(Updated) The federal Occupational Safety and Health Administration is investigating the chemistry lab where Yale senior Michele Dufault died Tuesday night, an agency spokesman said Wednesday.
OSHA spokesman Ted Fitzgerald said the agency will look at whether there were safety or health rules broken. In an email to the campus Wednesday morning, Linda Koch Lorimer, Yale’s vice president and secretary, said Dufault had been killed in “what appears to have been a terrible accident involving a piece of equipment in the student machine shop in Sterling Chemistry Laboratory.”
Dufault was a senior in Saybrook College.
Fitzgerald said that OSHA officials were initially unsure whether the agency has jurisdiction over the Yale lab, since Dufault was a student, not a paid employee. But OSHA has determined that it can launch an investigation, since the lab does employ technicians and faculty members also work there.
OSHA inspectors would be at the lab beginning Wednesday, Fitzgerald said. While he couldn’t discuss the specifics of the case, a typical OSHA investigation of an accident—particularly a death—involves a combination of on-site inspections and a review of documents and records. These investigations must be wrapped up within six months, he said.
If OSHA finds violations, the agency could cite Yale, and potentially fine the university.
According to the chemistry department’s website, access to the “state-of-the-art” machine shop is “strictly limited to those who have completed the shop course.”
In an email Wednesday, Yale President Rick Levin said he is conducting his own review of safety protocols.
“I have initiated a thorough review of the safety policies and practices of laboratories, machine shops, and other facilities with power equipment that is accessed and operated by undergraduates. This includes arts as well as science facilities.”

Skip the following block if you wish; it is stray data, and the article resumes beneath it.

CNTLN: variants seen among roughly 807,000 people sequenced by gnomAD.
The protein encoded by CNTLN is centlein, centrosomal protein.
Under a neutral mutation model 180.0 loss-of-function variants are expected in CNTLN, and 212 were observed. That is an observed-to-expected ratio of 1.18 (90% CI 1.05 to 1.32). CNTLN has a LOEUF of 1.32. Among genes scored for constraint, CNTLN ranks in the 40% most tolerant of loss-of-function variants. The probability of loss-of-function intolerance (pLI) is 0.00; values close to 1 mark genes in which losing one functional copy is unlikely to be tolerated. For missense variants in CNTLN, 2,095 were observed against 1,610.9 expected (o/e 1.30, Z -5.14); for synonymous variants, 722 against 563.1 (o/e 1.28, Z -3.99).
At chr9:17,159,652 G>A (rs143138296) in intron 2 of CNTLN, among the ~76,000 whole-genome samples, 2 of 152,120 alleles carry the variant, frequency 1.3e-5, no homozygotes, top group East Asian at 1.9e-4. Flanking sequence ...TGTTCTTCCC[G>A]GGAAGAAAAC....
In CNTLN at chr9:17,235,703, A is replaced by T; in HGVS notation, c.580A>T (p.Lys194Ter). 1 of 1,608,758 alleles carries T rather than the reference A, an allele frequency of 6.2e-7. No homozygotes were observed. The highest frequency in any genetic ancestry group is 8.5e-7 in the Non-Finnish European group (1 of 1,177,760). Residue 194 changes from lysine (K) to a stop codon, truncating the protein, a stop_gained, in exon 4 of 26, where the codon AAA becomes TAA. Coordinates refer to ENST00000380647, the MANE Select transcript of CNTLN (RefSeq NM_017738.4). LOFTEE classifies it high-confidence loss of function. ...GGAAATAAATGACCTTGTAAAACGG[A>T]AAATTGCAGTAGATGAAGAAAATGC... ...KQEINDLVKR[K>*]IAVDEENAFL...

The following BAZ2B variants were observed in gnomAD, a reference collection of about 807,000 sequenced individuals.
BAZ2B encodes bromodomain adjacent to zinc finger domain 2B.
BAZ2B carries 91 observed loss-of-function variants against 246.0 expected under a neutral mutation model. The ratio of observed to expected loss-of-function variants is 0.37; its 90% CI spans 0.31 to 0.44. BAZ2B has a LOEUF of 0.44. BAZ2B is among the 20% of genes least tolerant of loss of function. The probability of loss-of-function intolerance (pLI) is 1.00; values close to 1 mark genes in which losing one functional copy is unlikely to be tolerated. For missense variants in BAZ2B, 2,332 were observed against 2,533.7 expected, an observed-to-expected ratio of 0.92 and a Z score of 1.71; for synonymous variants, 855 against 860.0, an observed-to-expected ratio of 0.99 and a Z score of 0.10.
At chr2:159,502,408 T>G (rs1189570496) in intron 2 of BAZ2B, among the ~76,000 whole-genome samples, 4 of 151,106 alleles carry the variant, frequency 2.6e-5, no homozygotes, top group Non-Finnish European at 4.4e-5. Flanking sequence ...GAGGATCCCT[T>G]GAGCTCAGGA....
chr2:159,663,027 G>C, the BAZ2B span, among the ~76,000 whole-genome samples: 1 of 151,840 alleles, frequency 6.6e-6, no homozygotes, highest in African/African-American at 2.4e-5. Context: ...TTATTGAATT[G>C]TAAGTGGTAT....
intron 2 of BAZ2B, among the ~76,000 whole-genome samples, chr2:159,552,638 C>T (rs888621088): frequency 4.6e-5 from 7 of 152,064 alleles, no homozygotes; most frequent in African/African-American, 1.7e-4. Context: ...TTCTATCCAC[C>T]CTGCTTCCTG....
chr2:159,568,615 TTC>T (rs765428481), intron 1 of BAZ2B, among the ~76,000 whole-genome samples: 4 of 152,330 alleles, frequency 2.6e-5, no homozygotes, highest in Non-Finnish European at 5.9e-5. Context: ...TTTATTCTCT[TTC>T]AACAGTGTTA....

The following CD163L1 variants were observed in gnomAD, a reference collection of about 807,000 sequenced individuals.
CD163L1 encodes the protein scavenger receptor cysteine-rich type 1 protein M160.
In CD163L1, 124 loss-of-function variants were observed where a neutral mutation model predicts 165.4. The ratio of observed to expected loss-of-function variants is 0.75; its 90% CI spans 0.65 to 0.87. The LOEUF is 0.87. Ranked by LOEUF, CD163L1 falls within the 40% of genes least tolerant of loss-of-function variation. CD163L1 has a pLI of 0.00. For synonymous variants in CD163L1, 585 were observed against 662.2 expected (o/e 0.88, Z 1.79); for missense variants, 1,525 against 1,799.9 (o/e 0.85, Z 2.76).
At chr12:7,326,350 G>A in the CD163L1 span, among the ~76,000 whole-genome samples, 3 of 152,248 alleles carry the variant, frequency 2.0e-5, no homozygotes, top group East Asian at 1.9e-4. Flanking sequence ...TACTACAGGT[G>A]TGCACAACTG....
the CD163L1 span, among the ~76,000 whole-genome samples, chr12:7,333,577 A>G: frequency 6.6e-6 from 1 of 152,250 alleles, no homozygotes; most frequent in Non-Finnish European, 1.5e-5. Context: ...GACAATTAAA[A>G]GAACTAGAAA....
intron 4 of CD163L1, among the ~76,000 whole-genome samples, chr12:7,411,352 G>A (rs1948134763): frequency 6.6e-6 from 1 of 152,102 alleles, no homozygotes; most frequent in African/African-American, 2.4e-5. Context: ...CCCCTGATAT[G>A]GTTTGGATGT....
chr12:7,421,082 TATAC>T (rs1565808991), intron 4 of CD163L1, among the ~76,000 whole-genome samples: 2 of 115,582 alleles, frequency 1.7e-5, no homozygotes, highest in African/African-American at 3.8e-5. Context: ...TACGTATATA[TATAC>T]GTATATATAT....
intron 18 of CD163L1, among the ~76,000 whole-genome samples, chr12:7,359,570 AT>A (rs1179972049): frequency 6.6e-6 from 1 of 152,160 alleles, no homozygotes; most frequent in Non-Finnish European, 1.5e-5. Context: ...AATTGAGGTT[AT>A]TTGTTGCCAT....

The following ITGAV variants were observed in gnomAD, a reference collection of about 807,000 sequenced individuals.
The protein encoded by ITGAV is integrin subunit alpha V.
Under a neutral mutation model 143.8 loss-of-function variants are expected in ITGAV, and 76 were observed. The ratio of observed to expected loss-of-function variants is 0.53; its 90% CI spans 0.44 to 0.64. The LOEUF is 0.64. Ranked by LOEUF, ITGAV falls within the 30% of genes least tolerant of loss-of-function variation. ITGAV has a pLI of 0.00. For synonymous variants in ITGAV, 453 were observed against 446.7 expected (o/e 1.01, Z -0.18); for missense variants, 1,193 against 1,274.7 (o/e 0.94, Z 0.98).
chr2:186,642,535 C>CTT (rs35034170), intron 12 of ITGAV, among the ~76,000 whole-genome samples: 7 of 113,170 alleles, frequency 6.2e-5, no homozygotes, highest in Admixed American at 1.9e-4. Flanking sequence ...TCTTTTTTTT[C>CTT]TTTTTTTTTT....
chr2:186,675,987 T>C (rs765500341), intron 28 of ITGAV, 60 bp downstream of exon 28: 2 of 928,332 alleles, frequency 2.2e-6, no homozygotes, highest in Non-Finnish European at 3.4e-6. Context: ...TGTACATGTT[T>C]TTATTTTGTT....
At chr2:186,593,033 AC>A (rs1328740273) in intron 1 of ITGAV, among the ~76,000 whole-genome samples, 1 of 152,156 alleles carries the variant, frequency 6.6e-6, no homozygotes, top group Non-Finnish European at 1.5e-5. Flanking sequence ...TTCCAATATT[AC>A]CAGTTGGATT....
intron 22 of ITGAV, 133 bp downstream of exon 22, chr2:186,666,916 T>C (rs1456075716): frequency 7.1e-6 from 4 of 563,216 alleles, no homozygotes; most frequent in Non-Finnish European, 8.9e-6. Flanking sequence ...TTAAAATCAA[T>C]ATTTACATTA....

Steven Girvin, Deputy Provost for Science and Technology, will head up the review, Levin said. “Until the review is completed, Yale College will limit undergraduate access to facilities with power equipment to hours that will be specified by the end of the week; monitors will be present at these times in all such locations.”
Levin filled in a few more details about Dufault’s death.
“Last night, Michele’s hair got caught in a lathe as she worked on a project in the student machine shop in the Sterling Chemistry Laboratory,” Levin wrote. “Her body was found by other students who had been working in the building. They called the police, who responded immediately.”
Dufault was pursuing a B.S. in astronomy and physics, according to Levin. “She also had keen interest in oceanography and was intending to undertake work in that field after graduation. She was an enthusiastic saxophonist in the Yale Band, and a widely admired member of the Saybrook College community.”
The state medical examiner told the New Haven Register that the cause of death was asphyxiation.